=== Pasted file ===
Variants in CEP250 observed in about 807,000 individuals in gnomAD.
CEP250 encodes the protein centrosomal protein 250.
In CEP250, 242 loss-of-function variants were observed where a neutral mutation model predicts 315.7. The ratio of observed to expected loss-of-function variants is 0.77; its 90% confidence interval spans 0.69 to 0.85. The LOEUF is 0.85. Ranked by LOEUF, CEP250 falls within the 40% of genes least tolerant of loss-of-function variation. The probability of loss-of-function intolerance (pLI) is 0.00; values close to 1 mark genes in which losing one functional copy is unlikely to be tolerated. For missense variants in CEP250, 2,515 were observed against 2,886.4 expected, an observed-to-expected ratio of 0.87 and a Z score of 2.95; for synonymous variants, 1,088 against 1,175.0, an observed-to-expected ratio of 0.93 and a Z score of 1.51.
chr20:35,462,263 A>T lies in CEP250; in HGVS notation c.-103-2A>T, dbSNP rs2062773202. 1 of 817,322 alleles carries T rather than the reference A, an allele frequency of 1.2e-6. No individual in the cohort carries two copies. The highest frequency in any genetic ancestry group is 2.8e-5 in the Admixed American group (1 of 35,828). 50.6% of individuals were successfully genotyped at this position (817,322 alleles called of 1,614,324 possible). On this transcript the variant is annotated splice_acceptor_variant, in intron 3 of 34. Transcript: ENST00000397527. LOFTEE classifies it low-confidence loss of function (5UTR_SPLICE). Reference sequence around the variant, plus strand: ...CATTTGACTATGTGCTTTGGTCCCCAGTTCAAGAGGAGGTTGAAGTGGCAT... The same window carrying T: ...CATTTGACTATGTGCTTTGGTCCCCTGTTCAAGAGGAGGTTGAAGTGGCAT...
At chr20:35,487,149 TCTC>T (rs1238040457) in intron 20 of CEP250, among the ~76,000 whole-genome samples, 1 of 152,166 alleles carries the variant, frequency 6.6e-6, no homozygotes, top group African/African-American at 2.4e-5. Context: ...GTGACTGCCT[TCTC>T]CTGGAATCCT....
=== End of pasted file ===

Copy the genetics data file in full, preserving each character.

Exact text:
Variants in CEP250 observed in about 807,000 individuals in gnomAD.
CEP250 encodes the protein centrosomal protein 250.
In CEP250, 242 loss-of-function variants were observed where a neutral mutation model predicts 315.7. The ratio of observed to expected loss-of-function variants is 0.77; its 90% confidence interval spans 0.69 to 0.85. The LOEUF is 0.85. Ranked by LOEUF, CEP250 falls within the 40% of genes least tolerant of loss-of-function variation. The probability of loss-of-function intolerance (pLI) is 0.00; values close to 1 mark genes in which losing one functional copy is unlikely to be tolerated. For missense variants in CEP250, 2,515 were observed against 2,886.4 expected, an observed-to-expected ratio of 0.87 and a Z score of 2.95; for synonymous variants, 1,088 against 1,175.0, an observed-to-expected ratio of 0.93 and a Z score of 1.51.
chr20:35,462,263 A>T lies in CEP250; in HGVS notation c.-103-2A>T, dbSNP rs2062773202. 1 of 817,322 alleles carries T rather than the reference A, an allele frequency of 1.2e-6. No individual in the cohort carries two copies. The highest frequency in any genetic ancestry group is 2.8e-5 in the Admixed American group (1 of 35,828). 50.6% of individuals were successfully genotyped at this position (817,322 alleles called of 1,614,324 possible). On this transcript the variant is annotated splice_acceptor_variant, in intron 3 of 34. Transcript: ENST00000397527. LOFTEE classifies it low-confidence loss of function (5UTR_SPLICE). Reference sequence around the variant, plus strand: ...CATTTGACTATGTGCTTTGGTCCCCAGTTCAAGAGGAGGTTGAAGTGGCAT... The same window carrying T: ...CATTTGACTATGTGCTTTGGTCCCCTGTTCAAGAGGAGGTTGAAGTGGCAT...
At chr20:35,487,149 TCTC>T (rs1238040457) in intron 20 of CEP250, among the ~76,000 whole-genome samples, 1 of 152,166 alleles carries the variant, frequency 6.6e-6, no homozygotes, top group African/African-American at 2.4e-5. Context: ...GTGACTGCCT[TCTC>T]CTGGAATCCT....